STLR Link Roundup – Nov. 1, 2015

Supreme Court to revisit patent damage The Supreme Court announced that they intend to consider the issue of “enhance damages” in patent cases, a process allowing for treble damages in face of deliberate patent infringement. ( One issue addresses whether the Federal Circuit erred in applying a two-part test pursuant to 35 U.S.C. §284 to enhanced patent infringement damages. A second focuses on a district court’s right to discretion under 35 U.S.C. § 284 to Continue Reading →

STLR Link Round Up – October 19, 2015

WARF v. Apple Last Friday, a jury in the U.S. District Court for the Western District of Wisconsin ordered Apple to pay the Wisconsin Alumni Research foundation (WARF) $ 234 million in damages for patent infringement. The dispute is about a single patent US 5,781,752 under the name “Table based data speculation circuit for parallel processing computer” which covers technology that “improves the efficiency and performance of contemporary computer processors.”  The ‘752 technology appears in Continue Reading →

STLR Link Round Up – October 9, 2015

EU Court of Justice Invalidates US Safe Harbor Data Agreement In a sweeping decision, the European Union’s highest court declared a Safe Harbor agreement between the European Union and the United States invalid in the case of Maximillian Schrems v Data Protection Commissioner. Using documents leaked by Edward Snowden in 2013 to prove his case, Austrian citizen Maximillian Schrems utilized his status as a Facebook user to argue successfully that the law and practices of Continue Reading →

Are 3D Printed Tissues and Organs Patentable?

It has been long established, and recently codified in the Leahy-Smith America Invents Act (AIA), that no one is able to obtain a patent on any part of the human body. Examiners are taught to issue 35 U.S.C. 101 and AIA § 33(a) rejections even if claims are directed towards devices that are “attached to” parts of the human body and recommend applicants change the language to “configured to be attached” or something similar so Continue Reading →

Your (non)public data is showing.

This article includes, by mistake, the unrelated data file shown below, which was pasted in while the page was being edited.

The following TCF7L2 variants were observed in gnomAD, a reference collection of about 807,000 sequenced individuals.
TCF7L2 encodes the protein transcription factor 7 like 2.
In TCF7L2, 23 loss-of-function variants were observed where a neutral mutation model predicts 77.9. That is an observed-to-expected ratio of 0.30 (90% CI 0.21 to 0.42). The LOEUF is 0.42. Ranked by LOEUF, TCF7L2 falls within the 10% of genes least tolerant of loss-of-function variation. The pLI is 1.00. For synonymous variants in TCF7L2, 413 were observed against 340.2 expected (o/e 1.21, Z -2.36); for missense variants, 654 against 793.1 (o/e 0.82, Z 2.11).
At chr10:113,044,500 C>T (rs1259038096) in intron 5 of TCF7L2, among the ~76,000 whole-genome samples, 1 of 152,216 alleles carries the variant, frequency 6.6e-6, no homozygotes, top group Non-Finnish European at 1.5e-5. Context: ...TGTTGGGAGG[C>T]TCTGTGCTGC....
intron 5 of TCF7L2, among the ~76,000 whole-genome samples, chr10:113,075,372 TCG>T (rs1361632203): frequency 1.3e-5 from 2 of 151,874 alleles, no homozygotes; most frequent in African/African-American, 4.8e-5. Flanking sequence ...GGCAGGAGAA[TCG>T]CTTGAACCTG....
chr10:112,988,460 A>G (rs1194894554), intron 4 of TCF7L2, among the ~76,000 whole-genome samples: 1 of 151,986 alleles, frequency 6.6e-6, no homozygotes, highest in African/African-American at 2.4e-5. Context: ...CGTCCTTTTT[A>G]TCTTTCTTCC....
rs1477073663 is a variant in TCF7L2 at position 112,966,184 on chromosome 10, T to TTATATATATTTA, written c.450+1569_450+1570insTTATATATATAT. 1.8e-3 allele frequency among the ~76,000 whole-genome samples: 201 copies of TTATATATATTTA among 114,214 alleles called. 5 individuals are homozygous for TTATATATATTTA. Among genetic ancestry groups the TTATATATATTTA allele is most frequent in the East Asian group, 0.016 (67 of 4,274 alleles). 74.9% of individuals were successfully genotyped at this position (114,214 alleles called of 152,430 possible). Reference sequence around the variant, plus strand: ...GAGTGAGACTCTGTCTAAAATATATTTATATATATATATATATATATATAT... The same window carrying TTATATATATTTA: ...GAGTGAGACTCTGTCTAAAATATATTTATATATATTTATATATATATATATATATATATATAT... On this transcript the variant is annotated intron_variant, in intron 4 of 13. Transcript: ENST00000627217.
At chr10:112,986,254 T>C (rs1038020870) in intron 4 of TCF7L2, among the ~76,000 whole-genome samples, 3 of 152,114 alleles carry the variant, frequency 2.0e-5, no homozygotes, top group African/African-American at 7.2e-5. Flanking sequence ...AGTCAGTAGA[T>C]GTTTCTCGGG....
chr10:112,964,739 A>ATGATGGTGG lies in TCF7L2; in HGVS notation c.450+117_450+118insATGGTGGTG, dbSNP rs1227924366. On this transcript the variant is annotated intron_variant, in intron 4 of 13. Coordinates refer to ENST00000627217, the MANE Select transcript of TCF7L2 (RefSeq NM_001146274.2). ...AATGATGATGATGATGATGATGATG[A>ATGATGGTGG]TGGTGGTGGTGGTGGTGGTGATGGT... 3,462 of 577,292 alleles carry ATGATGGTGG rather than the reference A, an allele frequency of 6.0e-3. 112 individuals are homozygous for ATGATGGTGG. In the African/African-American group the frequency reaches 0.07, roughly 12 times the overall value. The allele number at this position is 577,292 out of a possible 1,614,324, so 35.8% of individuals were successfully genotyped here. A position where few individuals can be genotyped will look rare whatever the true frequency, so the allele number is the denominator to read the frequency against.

Background Insider trading, though the iconic vision of Wall Street fraud and the subject of many dramatic trials and movies, is not expressly proscribed by any law or regulation in the United States. “Section 10(b) of the 1934 Act, 15 U.S.C. § 78j(b), prohibits the use ‘in connection with the purchase or sale of any security . . . [of] any manipulative or deceptive device or contrivance in contravention of such rules and regulations as Continue Reading →

STLR Link Round-Up – Feb. 27, 2015

Internet Freedom Provided in Historic Net Neutrality Vote  The Federal Communications Commission voted to approve net neutrality rules despite significant opposition from cable companies and Republicans. The historic vote ensures that Internet content consumers wish to access will be treated equally by Internet service providers, regardless of content. On-demand Internet streaming provider, Netflix, hailed the net neutrality vote as a win for consumers, which will help further regulate wired and wireless Internet access more like Continue Reading →

STLR Link Round-Up – Feb. 20, 2015

High Profile Vulnerabilities Continue to Make Headlines Lenovo users found out that new laptops had come preinstalled with malicious code, known as Superfish. The code is hidden deep within Windows and is very difficult to find, raising the question of how it got there in the first place. Lenovo is providing a removal tool to its users. (CNET) Kaspersky Lab, a Russian computer security firm alleged that groups linked to the U.S. Government had embedded spyware Continue Reading →

The Legal Response to Revenge Porn

It is not uncommon for couples to break up on less than stellar terms. There is quite a difference, however, between deleting an ex’s phone number and posting nude pictures or videos of him or her on the Internet in order to cause embarrassment or fallout with friends and family. This phenomenon, known as revenge porn, has increasingly received attention from the nation’s lawmakers and pro bono attorneys. This attention culminated in October of 2013, Continue Reading →

Snowden Revelations Inspire Greater Transparency in Technology Companies

Edward Snowden’s leaked documents first surfaced in The Guardian and The Washington Post in June 2013, exposing National Security Agency (NSA) efforts to gather the telephone records and digital data of millions of Americans. Through its PRISM program, the NSA was able to directly collect information from the internet servers of companies like Microsoft and Yahoo. The NSA was also able to engage in bulk collection of user data through targeted data collection protected by Continue Reading →

Undergoing Major Renovation (some links will be temporarily broken)

Hello, As you can see, we have changed the appearance of our site. This change is a component of a major migration to a new server, an up-to-date version of wordpress, among other internal improvements. All of the content from the old version of the site has been migrated. However, for the next few days, a few links (including the perma-links) will be broken as we comb through the site to adjust to the new file organization Continue Reading →